IMG College: Quiet College Football Devil
Welcome to Tin Foil Cap Corner, where today we’ll discuss incredibly coincidental events that may or may not be nominees for “World’s Greatest Conspiracy Theories Lifetime Achievement Award.”
Today, we dig into this thesis. “ESPN, in conjunction with IMG, wanted superconferences, and has done everything possible to make them a reality.” Ready?
Consider these cobbled-together facts:
- As of today, ESPN owns broadcast rights to the ACC, Big Ten, Big East, Pac-12 conferences. Fox has the Big 12 (mostly, ESPN does get second crack at conference games). CBS has the SEC. These ESPN games are played around 12, 330 and 8ish EST, on ESPN and ESPN2. College Gameday leads it off, College Final shuts it down. Over 500 games will be aired on the ABC/ESPN Family of Networks this year.
- ESPN airs a marquee Thursday Night matchup, as well as a somewhat not-as-marquee Friday Night matchup.
- ESPN airs the majority of bowl games during “Bowl Week.”
- ESPN airs the Championship Games of the Big Ten, Pac-12 (every other year), ACC.
Got that so far? Good. Now, check out this sequence.
- Nov 2007: IMG purchases Host Communications, a sports marketing (among other things) company, and merged with the Collegiate Licensing Company to form IMG College. (If you’ve never heard of them, you’ve certainly heard of who they represent.)
- Nov 2008: ESPN purchases rights to BCS, outbidding FOX Sports for a cool $100M per year. The rights run through 2014.
- July 2010: IMG College acquires ISP, and along with it, ISP’s multimedia rights to over 50 colleges and universities.
- Jan 2011: ESPN gives the University of Texas $300M to broadcast The Longhorn Network. Who brokered the deal? The University of Texas’ Multimedia Rights Holder … IMG College.
- Present and Future: There is no more BCS, but the championship will still be broadcast by ESPN. IMG College to present ticketing, advertising, marketing, etc, as it does presently.
As a result, these chess pieces have been moved:
Nebraska and Colorado bolting the Big 12 (for the Pac-12 and Big Ten), because they didn’t want to deal with Texas and the unbalanced revenue sharing in the Big 12. (Only Baylor and Kansas are represented by IMG in the Big 12. Neither team has their own television network.) Oh, and a year later, Texas A&M did the same and booked for the SEC (which is entirely represented by IMG) to remove itself from Texas, also. Missouri’s contemplating the same move.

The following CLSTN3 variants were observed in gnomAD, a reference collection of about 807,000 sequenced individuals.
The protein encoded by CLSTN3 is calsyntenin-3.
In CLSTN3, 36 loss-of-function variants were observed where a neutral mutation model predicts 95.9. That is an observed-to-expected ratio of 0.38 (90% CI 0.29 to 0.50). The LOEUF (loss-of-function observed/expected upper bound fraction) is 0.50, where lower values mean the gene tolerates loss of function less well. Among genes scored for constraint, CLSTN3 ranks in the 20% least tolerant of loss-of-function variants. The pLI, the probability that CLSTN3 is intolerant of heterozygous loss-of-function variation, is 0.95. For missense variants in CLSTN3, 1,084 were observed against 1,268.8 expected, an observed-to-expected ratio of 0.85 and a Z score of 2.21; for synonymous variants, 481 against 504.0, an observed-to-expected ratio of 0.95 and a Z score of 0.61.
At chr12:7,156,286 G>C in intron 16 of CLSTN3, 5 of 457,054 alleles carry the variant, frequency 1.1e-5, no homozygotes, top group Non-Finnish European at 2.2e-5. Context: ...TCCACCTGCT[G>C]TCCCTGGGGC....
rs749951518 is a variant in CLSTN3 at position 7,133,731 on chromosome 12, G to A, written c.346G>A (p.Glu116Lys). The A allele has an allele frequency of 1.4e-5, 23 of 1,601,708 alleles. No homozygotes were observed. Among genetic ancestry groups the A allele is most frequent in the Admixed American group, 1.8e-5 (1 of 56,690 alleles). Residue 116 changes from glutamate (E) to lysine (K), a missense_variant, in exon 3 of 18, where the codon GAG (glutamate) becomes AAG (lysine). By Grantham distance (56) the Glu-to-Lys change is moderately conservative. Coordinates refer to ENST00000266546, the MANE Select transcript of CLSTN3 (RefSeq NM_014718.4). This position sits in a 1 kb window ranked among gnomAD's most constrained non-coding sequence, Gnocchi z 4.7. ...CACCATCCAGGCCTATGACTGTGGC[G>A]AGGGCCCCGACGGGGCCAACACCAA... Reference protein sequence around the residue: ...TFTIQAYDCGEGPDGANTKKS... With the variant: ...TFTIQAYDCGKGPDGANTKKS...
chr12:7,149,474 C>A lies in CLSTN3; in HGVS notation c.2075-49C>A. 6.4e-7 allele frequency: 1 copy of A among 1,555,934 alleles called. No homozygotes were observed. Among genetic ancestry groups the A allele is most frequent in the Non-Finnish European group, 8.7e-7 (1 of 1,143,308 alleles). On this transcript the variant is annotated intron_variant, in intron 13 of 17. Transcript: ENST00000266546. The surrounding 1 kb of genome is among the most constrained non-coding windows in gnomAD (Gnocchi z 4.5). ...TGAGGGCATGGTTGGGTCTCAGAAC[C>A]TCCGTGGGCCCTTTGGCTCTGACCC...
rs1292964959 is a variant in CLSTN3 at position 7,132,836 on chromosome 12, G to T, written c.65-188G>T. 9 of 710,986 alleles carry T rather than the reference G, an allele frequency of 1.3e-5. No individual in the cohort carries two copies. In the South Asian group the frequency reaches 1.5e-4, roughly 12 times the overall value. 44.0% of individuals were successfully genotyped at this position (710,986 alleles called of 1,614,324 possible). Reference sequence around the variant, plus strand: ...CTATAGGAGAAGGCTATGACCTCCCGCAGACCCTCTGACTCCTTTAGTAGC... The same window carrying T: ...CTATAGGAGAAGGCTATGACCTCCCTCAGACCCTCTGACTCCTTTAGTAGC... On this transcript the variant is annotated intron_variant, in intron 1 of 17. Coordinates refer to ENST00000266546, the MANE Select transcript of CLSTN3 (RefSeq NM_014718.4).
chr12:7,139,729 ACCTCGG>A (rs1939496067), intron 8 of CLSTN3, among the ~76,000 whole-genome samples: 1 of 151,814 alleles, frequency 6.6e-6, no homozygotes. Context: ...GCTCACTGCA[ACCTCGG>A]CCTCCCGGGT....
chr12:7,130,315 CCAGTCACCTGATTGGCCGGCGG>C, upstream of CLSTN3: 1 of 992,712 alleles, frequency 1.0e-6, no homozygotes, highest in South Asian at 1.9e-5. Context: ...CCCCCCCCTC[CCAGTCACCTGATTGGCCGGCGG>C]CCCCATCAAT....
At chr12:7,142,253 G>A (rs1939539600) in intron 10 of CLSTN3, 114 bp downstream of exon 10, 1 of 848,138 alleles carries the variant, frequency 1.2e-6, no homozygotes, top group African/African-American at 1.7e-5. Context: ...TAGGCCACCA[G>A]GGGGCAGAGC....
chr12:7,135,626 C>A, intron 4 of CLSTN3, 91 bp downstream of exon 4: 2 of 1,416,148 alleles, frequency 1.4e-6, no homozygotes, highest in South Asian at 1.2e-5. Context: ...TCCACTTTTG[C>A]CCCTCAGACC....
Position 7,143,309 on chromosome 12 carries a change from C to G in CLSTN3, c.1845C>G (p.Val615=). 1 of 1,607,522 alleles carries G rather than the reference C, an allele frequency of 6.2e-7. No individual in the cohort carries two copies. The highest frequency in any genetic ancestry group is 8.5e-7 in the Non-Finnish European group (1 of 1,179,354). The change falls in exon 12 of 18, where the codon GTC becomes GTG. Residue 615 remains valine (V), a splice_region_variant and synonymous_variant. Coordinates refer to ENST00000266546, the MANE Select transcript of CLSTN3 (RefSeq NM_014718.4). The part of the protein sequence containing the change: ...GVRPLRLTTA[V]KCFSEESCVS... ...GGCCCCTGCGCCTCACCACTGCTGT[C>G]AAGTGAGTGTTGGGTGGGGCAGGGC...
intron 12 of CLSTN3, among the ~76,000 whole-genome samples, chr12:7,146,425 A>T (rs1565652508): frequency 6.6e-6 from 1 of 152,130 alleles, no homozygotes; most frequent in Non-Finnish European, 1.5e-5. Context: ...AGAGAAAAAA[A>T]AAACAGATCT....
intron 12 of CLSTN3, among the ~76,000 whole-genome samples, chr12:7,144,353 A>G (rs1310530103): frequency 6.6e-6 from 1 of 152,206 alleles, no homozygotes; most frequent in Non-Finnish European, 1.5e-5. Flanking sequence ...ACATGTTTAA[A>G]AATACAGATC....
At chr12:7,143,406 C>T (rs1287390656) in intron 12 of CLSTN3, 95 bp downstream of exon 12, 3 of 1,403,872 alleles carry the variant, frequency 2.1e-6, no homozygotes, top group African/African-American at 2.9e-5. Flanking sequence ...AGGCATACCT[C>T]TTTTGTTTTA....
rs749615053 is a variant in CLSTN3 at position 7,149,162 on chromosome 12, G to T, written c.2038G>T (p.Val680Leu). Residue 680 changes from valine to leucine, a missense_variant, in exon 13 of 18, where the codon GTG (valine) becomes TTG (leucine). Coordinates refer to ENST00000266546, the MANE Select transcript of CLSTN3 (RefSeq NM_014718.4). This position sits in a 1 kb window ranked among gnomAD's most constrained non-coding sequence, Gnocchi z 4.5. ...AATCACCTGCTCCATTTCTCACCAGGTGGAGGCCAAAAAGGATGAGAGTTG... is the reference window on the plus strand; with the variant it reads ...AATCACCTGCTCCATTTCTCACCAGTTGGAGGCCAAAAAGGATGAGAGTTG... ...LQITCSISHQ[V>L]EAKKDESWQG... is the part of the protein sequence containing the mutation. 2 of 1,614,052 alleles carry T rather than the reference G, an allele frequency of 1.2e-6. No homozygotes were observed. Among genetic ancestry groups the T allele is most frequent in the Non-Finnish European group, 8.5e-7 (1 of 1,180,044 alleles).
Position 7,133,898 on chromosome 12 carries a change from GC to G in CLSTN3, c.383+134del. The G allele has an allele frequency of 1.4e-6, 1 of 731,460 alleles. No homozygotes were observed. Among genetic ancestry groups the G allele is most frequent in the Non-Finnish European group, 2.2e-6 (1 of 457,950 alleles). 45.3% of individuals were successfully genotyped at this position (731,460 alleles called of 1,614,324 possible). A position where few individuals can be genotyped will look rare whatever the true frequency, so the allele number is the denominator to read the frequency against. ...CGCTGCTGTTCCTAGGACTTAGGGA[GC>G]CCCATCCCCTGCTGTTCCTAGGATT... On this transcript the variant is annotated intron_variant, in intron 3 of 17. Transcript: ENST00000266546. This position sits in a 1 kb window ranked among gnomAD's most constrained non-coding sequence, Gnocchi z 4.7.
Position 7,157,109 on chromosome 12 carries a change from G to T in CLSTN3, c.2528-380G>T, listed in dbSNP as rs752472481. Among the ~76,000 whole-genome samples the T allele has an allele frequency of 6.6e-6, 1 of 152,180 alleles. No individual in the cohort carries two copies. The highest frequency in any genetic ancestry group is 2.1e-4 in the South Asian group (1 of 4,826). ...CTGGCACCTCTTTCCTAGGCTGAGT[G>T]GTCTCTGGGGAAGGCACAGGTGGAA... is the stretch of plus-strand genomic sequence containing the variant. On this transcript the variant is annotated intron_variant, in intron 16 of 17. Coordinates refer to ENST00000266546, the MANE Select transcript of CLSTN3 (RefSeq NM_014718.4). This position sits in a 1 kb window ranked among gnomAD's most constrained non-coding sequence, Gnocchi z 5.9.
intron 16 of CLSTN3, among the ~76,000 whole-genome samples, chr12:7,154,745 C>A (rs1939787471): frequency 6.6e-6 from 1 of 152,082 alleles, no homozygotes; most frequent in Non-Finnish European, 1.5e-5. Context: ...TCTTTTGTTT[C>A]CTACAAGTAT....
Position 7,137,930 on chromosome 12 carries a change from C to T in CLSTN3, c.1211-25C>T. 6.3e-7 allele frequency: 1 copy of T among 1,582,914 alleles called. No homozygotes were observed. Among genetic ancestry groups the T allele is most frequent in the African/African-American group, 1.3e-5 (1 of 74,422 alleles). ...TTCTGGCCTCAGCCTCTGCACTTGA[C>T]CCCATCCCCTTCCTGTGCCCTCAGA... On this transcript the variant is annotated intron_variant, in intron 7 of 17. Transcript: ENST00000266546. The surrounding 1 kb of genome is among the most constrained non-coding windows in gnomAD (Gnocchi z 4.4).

Oh, and Syracuse and Pittsburgh, a couple of (you guessed it) IMG schools also moved away from the Big East (which in May 2011 turned down ESPN’s TV rights offer to wait for their conference current deal to run out, and for a bidding war in September 2012 that will never come) to join fellow IMG schools Boston College, Clemson, Duke, Florida State, Georgia Tech, Miami, Virginia Tech and Wake Forest in the ACC.
IMG now essentially runs the entire Southeastern Conference, 75% of the ACC, the two only Independents that matter (Notre Dame and BYU), the only Big Ten teams that matter (Ohio State, Michigan and Nebraska), over half the Pac-12 and only Texas, Kansas and Baylor in the Big-12. Texas was a recent purchase, one that yielded the Longhorn Network and prompted this whole mess to begin with. You mean to tell me IMG College didn’t see this coming?
… they wanted it to happen.
Consolidating into superconferences benefits everyone. With less conferences to offer top-tier TV money, ESPN can save cash on the front end and earn more money on the back end. As games between ‘superteams’ occur more frequently, the price of advertising skyrockets. With fewer schools earning top-tier TV money, each school can take a bigger slice of the pie for themselves.
So, it’s money all around. But … why IMG? What are they looking to do?
Well, by mediating and acting as conduit and shepherd for University athletic programs – specifically the television, multimedia and live event sponsorships, IMG is essentially acting as an ‘agent’ for each school. And what do agents do? They take cuts. They don’t work for free, clearly.
And IMG has made an incredible effort to generate incredible revenue for each school. They are the official presenter of many rivalry games including the Red River Rivalry and the Lone Star Showdown (which is why any and all realignment talk involving Texas also involves Tech and Oklahoma. Notice I did not list the UT-A&M game, which has been discontinued).
The end of the BCS is just another stepping stone on IMG’s way to the stars. The road is paved in dollars.
To review: it ain’t the greed of the schools, though that’s part of it. And it ain’t ESPN, though that’s part of it, too. You can blame the vast majority of realignment, superconference chatter, rivalry napalm and money-grabbing squarely on the fine folks at IMG College, the silent partner and quiet conduit behind almost every negotiation aimed to threaten the very foundation of college athletics.
What do you think?